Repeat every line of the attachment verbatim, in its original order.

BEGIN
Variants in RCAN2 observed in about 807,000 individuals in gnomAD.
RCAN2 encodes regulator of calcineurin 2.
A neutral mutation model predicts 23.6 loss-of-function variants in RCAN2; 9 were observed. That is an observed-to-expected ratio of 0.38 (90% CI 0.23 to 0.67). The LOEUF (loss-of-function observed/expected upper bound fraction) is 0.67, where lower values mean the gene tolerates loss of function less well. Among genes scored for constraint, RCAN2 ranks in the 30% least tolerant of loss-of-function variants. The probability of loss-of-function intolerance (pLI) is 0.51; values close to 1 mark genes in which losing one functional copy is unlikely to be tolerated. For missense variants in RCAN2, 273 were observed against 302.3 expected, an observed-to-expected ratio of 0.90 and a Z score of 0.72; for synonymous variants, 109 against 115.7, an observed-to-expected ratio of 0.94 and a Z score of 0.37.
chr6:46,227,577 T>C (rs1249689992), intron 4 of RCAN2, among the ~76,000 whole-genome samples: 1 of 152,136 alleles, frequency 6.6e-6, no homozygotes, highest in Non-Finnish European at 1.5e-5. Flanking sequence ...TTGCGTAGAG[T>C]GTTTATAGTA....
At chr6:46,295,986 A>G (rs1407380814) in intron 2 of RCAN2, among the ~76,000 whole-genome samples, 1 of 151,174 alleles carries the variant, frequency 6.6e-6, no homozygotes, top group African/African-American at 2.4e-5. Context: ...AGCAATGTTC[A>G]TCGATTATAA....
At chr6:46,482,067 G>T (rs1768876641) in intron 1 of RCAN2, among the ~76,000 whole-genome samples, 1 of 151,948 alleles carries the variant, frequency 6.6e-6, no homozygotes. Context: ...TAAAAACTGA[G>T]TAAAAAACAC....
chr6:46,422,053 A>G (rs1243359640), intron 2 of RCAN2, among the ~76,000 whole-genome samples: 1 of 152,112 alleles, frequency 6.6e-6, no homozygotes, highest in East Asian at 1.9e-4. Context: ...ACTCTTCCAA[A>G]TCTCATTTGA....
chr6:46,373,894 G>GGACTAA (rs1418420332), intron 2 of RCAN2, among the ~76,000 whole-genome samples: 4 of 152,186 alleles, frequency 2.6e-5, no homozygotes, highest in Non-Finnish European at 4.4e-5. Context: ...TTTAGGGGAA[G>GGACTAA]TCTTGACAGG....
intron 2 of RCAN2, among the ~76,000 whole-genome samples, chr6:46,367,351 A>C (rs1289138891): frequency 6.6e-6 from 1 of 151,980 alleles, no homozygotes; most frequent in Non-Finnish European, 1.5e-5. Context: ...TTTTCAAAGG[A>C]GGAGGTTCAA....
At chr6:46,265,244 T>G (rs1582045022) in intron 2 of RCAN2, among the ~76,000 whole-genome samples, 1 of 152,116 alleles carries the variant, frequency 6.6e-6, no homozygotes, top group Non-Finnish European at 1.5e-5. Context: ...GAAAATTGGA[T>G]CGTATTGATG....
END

Variants in RCAN2 observed in about 807,000 individuals in gnomAD.
RCAN2 encodes regulator of calcineurin 2.
A neutral mutation model predicts 23.6 loss-of-function variants in RCAN2; 9 were observed. That is an observed-to-expected ratio of 0.38 (90% CI 0.23 to 0.67). The LOEUF (loss-of-function observed/expected upper bound fraction) is 0.67, where lower values mean the gene tolerates loss of function less well. Among genes scored for constraint, RCAN2 ranks in the 30% least tolerant of loss-of-function variants. The probability of loss-of-function intolerance (pLI) is 0.51; values close to 1 mark genes in which losing one functional copy is unlikely to be tolerated. For missense variants in RCAN2, 273 were observed against 302.3 expected, an observed-to-expected ratio of 0.90 and a Z score of 0.72; for synonymous variants, 109 against 115.7, an observed-to-expected ratio of 0.94 and a Z score of 0.37.
chr6:46,227,577 T>C (rs1249689992), intron 4 of RCAN2, among the ~76,000 whole-genome samples: 1 of 152,136 alleles, frequency 6.6e-6, no homozygotes, highest in Non-Finnish European at 1.5e-5. Flanking sequence ...TTGCGTAGAG[T>C]GTTTATAGTA....
At chr6:46,295,986 A>G (rs1407380814) in intron 2 of RCAN2, among the ~76,000 whole-genome samples, 1 of 151,174 alleles carries the variant, frequency 6.6e-6, no homozygotes, top group African/African-American at 2.4e-5. Context: ...AGCAATGTTC[A>G]TCGATTATAA....
At chr6:46,482,067 G>T (rs1768876641) in intron 1 of RCAN2, among the ~76,000 whole-genome samples, 1 of 151,948 alleles carries the variant, frequency 6.6e-6, no homozygotes. Context: ...TAAAAACTGA[G>T]TAAAAAACAC....
chr6:46,422,053 A>G (rs1243359640), intron 2 of RCAN2, among the ~76,000 whole-genome samples: 1 of 152,112 alleles, frequency 6.6e-6, no homozygotes, highest in East Asian at 1.9e-4. Context: ...ACTCTTCCAA[A>G]TCTCATTTGA....
chr6:46,373,894 G>GGACTAA (rs1418420332), intron 2 of RCAN2, among the ~76,000 whole-genome samples: 4 of 152,186 alleles, frequency 2.6e-5, no homozygotes, highest in Non-Finnish European at 4.4e-5. Context: ...TTTAGGGGAA[G>GGACTAA]TCTTGACAGG....
intron 2 of RCAN2, among the ~76,000 whole-genome samples, chr6:46,367,351 A>C (rs1289138891): frequency 6.6e-6 from 1 of 151,980 alleles, no homozygotes; most frequent in Non-Finnish European, 1.5e-5. Context: ...TTTTCAAAGG[A>C]GGAGGTTCAA....
At chr6:46,265,244 T>G (rs1582045022) in intron 2 of RCAN2, among the ~76,000 whole-genome samples, 1 of 152,116 alleles carries the variant, frequency 6.6e-6, no homozygotes, top group Non-Finnish European at 1.5e-5. Context: ...GAAAATTGGA[T>G]CGTATTGATG....